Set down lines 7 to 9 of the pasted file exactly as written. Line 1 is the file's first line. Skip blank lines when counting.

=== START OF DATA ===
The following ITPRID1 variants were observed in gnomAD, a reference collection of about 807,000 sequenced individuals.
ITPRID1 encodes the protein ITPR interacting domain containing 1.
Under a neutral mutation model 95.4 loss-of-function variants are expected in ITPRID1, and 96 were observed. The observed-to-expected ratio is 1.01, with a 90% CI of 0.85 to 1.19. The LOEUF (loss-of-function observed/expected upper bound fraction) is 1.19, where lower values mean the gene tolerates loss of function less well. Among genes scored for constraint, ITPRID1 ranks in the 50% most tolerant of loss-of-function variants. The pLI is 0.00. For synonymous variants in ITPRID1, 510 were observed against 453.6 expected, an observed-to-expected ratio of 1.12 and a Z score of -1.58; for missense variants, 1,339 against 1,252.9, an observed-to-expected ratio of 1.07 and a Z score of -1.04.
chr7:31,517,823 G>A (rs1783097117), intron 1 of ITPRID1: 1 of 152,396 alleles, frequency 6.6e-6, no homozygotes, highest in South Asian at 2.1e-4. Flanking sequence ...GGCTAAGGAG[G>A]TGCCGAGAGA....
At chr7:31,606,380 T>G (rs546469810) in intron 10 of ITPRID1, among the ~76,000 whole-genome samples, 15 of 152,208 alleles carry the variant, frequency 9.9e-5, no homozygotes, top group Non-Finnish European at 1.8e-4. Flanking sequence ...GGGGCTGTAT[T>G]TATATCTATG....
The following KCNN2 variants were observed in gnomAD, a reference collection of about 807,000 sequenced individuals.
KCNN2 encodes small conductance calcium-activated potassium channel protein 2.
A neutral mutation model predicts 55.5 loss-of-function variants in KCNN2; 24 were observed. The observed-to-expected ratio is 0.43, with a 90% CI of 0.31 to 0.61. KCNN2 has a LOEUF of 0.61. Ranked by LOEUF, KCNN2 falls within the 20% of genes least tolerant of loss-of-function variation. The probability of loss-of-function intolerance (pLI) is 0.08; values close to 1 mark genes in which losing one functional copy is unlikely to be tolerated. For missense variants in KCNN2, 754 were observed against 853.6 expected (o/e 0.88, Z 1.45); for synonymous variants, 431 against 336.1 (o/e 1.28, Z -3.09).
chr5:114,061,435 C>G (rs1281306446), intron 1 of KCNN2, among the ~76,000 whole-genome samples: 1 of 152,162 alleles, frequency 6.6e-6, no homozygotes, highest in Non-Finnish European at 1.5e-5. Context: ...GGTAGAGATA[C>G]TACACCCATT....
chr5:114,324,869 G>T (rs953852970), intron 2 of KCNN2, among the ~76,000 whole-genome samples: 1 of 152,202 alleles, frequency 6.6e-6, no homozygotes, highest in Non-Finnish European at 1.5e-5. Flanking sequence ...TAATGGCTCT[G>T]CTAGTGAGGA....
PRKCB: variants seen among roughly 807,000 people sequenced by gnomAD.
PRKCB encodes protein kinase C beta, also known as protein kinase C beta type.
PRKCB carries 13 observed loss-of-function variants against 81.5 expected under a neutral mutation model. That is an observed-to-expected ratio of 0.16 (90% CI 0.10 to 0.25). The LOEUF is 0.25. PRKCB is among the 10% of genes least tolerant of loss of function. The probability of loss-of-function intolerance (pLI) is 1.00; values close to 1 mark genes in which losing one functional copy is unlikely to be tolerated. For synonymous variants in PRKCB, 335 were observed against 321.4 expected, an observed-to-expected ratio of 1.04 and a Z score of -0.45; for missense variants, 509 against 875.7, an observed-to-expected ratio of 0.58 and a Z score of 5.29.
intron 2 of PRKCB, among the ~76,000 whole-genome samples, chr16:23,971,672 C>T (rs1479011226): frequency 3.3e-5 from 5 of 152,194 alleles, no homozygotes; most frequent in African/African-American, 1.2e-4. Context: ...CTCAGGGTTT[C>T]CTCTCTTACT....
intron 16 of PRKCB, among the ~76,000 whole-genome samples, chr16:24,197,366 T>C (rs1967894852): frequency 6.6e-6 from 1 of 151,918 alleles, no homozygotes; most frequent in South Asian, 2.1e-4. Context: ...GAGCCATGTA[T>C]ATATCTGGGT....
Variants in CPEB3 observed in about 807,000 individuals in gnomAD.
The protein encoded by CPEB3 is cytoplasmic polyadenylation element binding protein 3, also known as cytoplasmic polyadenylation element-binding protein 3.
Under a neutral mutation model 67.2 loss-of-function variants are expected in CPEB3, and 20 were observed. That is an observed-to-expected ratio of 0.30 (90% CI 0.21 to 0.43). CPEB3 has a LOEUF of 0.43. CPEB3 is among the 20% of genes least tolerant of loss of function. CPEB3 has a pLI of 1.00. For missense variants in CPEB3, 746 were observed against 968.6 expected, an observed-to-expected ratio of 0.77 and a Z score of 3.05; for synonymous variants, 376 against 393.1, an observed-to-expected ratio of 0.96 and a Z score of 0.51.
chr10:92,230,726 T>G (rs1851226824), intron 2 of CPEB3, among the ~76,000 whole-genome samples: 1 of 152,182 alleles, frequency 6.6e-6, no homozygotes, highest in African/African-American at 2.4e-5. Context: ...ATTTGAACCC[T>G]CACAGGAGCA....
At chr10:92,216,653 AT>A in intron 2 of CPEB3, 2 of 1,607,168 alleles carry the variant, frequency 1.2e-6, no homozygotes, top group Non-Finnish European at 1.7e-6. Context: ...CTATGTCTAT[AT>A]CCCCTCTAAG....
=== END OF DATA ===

KCNN2 encodes small conductance calcium-activated potassium channel protein 2.
A neutral mutation model predicts 55.5 loss-of-function variants in KCNN2; 24 were observed. The observed-to-expected ratio is 0.43, with a 90% CI of 0.31 to 0.61. KCNN2 has a LOEUF of 0.61. Ranked by LOEUF, KCNN2 falls within the 20% of genes least tolerant of loss-of-function variation. The probability of loss-of-function intolerance (pLI) is 0.08; values close to 1 mark genes in which losing one functional copy is unlikely to be tolerated. For missense variants in KCNN2, 754 were observed against 853.6 expected (o/e 0.88, Z 1.45); for synonymous variants, 431 against 336.1 (o/e 1.28, Z -3.09).
chr5:114,061,435 C>G (rs1281306446), intron 1 of KCNN2, among the ~76,000 whole-genome samples: 1 of 152,162 alleles, frequency 6.6e-6, no homozygotes, highest in Non-Finnish European at 1.5e-5. Context: ...GGTAGAGATA[C>G]TACACCCATT....